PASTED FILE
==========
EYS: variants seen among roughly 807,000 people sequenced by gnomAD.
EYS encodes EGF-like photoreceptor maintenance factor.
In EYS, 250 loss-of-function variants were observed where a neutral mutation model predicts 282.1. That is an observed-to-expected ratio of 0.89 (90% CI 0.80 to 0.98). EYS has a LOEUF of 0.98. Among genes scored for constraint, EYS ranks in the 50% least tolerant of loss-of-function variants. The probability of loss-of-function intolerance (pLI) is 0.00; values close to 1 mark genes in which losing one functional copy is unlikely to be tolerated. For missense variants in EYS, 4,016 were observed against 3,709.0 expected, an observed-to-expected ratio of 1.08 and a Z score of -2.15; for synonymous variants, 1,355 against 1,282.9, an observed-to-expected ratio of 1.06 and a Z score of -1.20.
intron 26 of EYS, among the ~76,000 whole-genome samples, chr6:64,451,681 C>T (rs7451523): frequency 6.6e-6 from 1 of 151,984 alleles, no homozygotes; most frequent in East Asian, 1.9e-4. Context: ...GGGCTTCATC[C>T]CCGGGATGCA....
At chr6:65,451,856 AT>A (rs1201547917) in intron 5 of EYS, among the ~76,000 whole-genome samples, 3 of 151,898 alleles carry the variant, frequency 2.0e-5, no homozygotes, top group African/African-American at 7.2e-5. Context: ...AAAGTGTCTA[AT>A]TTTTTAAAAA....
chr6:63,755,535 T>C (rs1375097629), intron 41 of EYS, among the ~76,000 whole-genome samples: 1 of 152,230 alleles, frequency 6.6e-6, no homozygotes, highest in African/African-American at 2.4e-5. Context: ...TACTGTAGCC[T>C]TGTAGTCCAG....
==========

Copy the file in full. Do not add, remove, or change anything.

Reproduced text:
EYS: variants seen among roughly 807,000 people sequenced by gnomAD.
EYS encodes EGF-like photoreceptor maintenance factor.
In EYS, 250 loss-of-function variants were observed where a neutral mutation model predicts 282.1. That is an observed-to-expected ratio of 0.89 (90% CI 0.80 to 0.98). EYS has a LOEUF of 0.98. Among genes scored for constraint, EYS ranks in the 50% least tolerant of loss-of-function variants. The probability of loss-of-function intolerance (pLI) is 0.00; values close to 1 mark genes in which losing one functional copy is unlikely to be tolerated. For missense variants in EYS, 4,016 were observed against 3,709.0 expected, an observed-to-expected ratio of 1.08 and a Z score of -2.15; for synonymous variants, 1,355 against 1,282.9, an observed-to-expected ratio of 1.06 and a Z score of -1.20.
intron 26 of EYS, among the ~76,000 whole-genome samples, chr6:64,451,681 C>T (rs7451523): frequency 6.6e-6 from 1 of 151,984 alleles, no homozygotes; most frequent in East Asian, 1.9e-4. Context: ...GGGCTTCATC[C>T]CCGGGATGCA....
At chr6:65,451,856 AT>A (rs1201547917) in intron 5 of EYS, among the ~76,000 whole-genome samples, 3 of 151,898 alleles carry the variant, frequency 2.0e-5, no homozygotes, top group African/African-American at 7.2e-5. Context: ...AAAGTGTCTA[AT>A]TTTTTAAAAA....
chr6:63,755,535 T>C (rs1375097629), intron 41 of EYS, among the ~76,000 whole-genome samples: 1 of 152,230 alleles, frequency 6.6e-6, no homozygotes, highest in African/African-American at 2.4e-5. Context: ...TACTGTAGCC[T>C]TGTAGTCCAG....